Basketball, I don’t have to be present to play basketball. I show up, and the work is the work. You do it. It’s a part of your life. When you’re home, you’ve got to be present. And I think that was the adjustment of balancing all of these things, being a new father, was figuring out how to be more present and figuring out how to balance all those things. The cool part is I’m starting to figure it out. And you never figure out life, but you figure out how to roll with the punches, and I’m going to roll with the punches to where we’re in a cool situation. My wife was at a meeting with our interior decorators, going over rugs [Oct. 6]. People at the house, figuring out what rug we’re going to put down. Things that she really takes pride in and enjoys, I can just kind of sit back and watch and say, ‘The work is not for naught.’ It’s paying off to where I’m still able to see happy moments.

I told y’all I was going to re-sign a long time ago when we talked. You thought I was kidding? I like stability, first and foremost. This place gives me stability, it gives me love, gives me opportunity. Obviously, the team is talented. I’m a piece of that. I’m going to play a hand in their present and their future success. And the ownership, from top to bottom, they did all the things they said they would do, and I’m appreciative of that in terms of them saying, ‘This is what the situation’s going to be like. This is what the team’s going to be like. This is what we’re going to do on the organizational side. We want you to have influence. We want you to have the ability to provide feedback.’ And they’ve done everything they said they would do. The basketball, they said it was going to be like a certain thing, and that’s exactly what I got. And it’s not always like that. You know how it is in the business. You’ve got a job. You don’t always get what you’re promised in life and in sports. And they’ve done that, which has been really cool to see.

My wife is happy. If she didn’t like it here, I wasn’t staying. I love this place, but happy wife, happy life. You know how it goes. So, her acceptance of this place, her being able to say, ‘I like it here. I enjoy here. I want to be here,’ played a role. [General manager] Trajan [Langdon], Griff [executive vice president David Griffin], [coach] Willie [Green], [team owner] Mrs. [Gayle] Benson, the executive staff in the front office played a huge role in wanting me, understanding that I got two years left. They didn’t have to extend me. They chose to extend me. I chose to take a leap of faith. They chose to take a leap of faith. I’m thankful for it and happy, but they know what I provide. They know what I do. They know what I have to offer. And I now have gotten a glimpse of what they have to offer, what they provided, what they do. And I’m happy that we can have a happy marriage and move forward, and we have a chance to do something really, really special, something that this city has never seen before.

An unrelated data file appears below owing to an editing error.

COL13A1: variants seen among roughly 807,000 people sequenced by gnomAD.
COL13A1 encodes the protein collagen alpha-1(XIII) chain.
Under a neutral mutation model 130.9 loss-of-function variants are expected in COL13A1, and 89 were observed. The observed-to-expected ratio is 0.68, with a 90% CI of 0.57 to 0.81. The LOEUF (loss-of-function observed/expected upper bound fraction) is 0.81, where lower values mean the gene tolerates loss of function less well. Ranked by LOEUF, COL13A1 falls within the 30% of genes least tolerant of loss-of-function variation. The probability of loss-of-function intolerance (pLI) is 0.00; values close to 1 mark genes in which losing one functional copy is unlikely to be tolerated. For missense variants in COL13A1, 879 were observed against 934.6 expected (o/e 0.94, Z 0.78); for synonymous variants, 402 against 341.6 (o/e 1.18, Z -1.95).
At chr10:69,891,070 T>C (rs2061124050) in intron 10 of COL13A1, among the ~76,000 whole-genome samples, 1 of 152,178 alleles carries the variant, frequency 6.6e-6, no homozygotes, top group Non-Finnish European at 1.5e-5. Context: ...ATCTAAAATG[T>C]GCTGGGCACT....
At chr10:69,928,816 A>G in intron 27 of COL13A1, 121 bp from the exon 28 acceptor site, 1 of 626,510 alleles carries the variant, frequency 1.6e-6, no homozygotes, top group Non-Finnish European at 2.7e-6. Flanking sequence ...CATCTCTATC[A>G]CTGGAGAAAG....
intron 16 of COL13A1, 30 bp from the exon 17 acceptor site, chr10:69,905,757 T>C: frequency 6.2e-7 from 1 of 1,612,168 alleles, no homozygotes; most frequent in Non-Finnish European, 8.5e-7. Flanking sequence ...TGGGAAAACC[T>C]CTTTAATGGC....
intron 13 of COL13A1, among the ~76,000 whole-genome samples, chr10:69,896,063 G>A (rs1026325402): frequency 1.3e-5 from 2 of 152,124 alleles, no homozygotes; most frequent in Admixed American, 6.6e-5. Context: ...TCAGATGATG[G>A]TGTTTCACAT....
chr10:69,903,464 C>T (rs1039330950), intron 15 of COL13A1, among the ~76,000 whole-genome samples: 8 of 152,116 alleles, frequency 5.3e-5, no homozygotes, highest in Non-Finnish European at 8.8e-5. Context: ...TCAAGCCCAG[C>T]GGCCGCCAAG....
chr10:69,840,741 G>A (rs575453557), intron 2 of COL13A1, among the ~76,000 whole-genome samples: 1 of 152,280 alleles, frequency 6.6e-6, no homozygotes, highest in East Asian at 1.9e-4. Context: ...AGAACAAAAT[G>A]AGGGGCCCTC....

I loved my time in Portland. It was great. I loved the guys, the staff, the city. Got married there. Conceived my first child there. I bought land there. I learned about wine there. A lot of firsts there that I’ll remember forever and that will always be a part of my life, but this is a new chapter, the next evolution of me as a person, as a player, as a man. And I’m thankful I get to spend it here. Differences, obviously, are that I’m one of the older statesmen now. I’m 31. Been in the league a long time. Probably had the most success from a team standpoint than anybody on this team. Larry’s [Nance] obviously been in the [NBA] Finals, so Larry and I have the most experience in terms of consistently being in the playoffs. I’ve been there nine straight years. This will be 10. I know what it’s like to play in big moments. I know what it’s like to have success in big moments. I know what it’s like to fail in big moments. I know what it’s like to come off the bench. I’ve played every role. I’ve been DNP [did not play] guy. I’ve been the ‘Give me the ball at the end of the game’ guy. I’ve been a play a role guy, stay in the corner.

So, I think the difference here is that the ball’s in my hands more. Obviously, we’ve got talent. We’ve got Z [Zion Williamson]. We’ve got BI [Brandon Ingram]. We’ve got all-world players, but I’m the decision-maker, the primary decision-maker who kind of controls the chess pieces on the court. I had a little bit of control of the chess pieces on the court, but that was Dame’s [Damian Lillard’s] job. That wasn’t my job. My job was to get buckets, be a backup point guard. I led when I needed to lead, and they all attest to it. I was a good leader. I did what I had to do, but my voice wasn’t the only voice. I was a guy who led by example, who demonstrated things. I come here, they’re looking for me to talk. They’re looking for me to do those things consistently.